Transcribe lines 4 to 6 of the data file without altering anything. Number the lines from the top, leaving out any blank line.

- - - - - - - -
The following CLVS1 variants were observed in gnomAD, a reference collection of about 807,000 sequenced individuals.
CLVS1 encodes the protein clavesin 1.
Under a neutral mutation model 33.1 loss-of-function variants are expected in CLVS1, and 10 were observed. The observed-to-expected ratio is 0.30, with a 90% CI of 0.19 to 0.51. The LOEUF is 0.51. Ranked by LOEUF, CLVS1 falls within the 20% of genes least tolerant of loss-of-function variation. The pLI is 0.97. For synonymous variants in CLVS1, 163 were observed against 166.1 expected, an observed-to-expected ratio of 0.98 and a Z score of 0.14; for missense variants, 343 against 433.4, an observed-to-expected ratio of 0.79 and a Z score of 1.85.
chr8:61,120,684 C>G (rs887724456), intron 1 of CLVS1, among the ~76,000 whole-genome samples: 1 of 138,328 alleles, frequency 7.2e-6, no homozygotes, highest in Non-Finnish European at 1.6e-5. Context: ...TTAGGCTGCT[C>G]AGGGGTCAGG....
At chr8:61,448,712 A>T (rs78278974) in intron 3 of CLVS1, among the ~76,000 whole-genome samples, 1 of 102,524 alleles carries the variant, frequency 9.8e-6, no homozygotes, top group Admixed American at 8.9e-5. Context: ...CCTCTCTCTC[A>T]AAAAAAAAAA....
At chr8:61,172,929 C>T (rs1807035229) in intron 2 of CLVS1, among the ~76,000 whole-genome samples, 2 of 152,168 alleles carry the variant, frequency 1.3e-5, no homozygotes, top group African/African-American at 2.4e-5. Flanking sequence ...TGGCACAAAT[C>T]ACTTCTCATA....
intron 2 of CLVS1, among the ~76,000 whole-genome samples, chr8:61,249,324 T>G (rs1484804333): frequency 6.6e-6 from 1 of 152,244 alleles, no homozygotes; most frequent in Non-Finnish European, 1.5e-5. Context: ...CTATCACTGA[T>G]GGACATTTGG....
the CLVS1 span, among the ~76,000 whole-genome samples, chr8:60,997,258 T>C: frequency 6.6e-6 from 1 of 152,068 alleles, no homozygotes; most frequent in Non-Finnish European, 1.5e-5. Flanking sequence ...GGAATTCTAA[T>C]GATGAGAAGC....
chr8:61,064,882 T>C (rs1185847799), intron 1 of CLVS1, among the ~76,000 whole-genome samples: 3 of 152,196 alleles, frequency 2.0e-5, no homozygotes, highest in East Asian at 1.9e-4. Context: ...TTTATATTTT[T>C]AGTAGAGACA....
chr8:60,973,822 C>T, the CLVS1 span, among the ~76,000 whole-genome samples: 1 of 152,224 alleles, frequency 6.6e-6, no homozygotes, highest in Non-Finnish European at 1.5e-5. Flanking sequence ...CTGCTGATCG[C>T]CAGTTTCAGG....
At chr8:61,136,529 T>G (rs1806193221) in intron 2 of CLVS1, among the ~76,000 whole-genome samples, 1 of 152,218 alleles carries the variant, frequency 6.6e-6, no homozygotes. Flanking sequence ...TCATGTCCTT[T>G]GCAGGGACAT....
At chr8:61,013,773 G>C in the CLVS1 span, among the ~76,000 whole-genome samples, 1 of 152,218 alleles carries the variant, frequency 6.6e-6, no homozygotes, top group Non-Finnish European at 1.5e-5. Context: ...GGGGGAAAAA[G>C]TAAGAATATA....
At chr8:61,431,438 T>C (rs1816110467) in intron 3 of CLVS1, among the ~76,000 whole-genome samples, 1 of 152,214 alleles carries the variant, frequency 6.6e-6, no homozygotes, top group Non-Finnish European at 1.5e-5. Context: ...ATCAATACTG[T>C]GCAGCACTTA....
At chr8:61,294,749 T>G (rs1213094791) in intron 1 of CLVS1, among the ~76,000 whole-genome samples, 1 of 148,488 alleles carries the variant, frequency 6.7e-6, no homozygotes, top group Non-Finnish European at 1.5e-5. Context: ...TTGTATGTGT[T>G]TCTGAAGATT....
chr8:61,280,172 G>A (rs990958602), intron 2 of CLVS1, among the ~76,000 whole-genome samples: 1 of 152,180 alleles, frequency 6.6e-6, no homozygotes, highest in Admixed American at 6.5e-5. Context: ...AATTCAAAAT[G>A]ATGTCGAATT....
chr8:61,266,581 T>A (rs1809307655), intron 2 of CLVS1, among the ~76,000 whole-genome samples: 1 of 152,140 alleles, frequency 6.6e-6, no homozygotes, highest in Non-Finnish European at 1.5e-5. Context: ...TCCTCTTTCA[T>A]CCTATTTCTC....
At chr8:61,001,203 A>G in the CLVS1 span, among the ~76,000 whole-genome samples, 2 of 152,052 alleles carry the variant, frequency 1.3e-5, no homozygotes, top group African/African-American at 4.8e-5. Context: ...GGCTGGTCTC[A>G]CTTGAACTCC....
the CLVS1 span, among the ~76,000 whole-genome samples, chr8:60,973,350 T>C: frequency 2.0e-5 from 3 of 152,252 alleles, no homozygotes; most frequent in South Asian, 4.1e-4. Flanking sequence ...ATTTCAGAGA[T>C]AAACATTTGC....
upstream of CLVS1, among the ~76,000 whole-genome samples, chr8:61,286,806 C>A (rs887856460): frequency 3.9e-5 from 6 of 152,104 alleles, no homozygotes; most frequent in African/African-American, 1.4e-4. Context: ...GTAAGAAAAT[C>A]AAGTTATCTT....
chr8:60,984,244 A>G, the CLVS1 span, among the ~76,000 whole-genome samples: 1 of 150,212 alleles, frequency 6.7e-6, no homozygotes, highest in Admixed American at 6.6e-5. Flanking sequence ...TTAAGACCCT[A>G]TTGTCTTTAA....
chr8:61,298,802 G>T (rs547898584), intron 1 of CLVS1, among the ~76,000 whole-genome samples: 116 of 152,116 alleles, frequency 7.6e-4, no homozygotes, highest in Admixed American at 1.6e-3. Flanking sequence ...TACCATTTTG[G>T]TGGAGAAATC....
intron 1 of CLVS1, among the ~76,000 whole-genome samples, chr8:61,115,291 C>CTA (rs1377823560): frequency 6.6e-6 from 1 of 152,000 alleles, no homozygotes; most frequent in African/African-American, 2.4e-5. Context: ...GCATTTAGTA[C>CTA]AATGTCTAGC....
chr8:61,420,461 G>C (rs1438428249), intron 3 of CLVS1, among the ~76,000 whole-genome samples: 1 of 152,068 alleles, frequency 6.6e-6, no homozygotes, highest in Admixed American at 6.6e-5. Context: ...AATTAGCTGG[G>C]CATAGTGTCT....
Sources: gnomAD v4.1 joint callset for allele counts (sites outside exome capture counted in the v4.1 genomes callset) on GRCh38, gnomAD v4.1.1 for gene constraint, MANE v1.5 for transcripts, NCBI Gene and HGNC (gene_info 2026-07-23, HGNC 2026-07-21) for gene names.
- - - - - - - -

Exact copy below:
chr8:61,120,684 C>G (rs887724456), intron 1 of CLVS1, among the ~76,000 whole-genome samples: 1 of 138,328 alleles, frequency 7.2e-6, no homozygotes, highest in Non-Finnish European at 1.6e-5. Context: ...TTAGGCTGCT[C>G]AGGGGTCAGG....
At chr8:61,448,712 A>T (rs78278974) in intron 3 of CLVS1, among the ~76,000 whole-genome samples, 1 of 102,524 alleles carries the variant, frequency 9.8e-6, no homozygotes, top group Admixed American at 8.9e-5. Context: ...CCTCTCTCTC[A>T]AAAAAAAAAA....
At chr8:61,172,929 C>T (rs1807035229) in intron 2 of CLVS1, among the ~76,000 whole-genome samples, 2 of 152,168 alleles carry the variant, frequency 1.3e-5, no homozygotes, top group African/African-American at 2.4e-5. Flanking sequence ...TGGCACAAAT[C>T]ACTTCTCATA....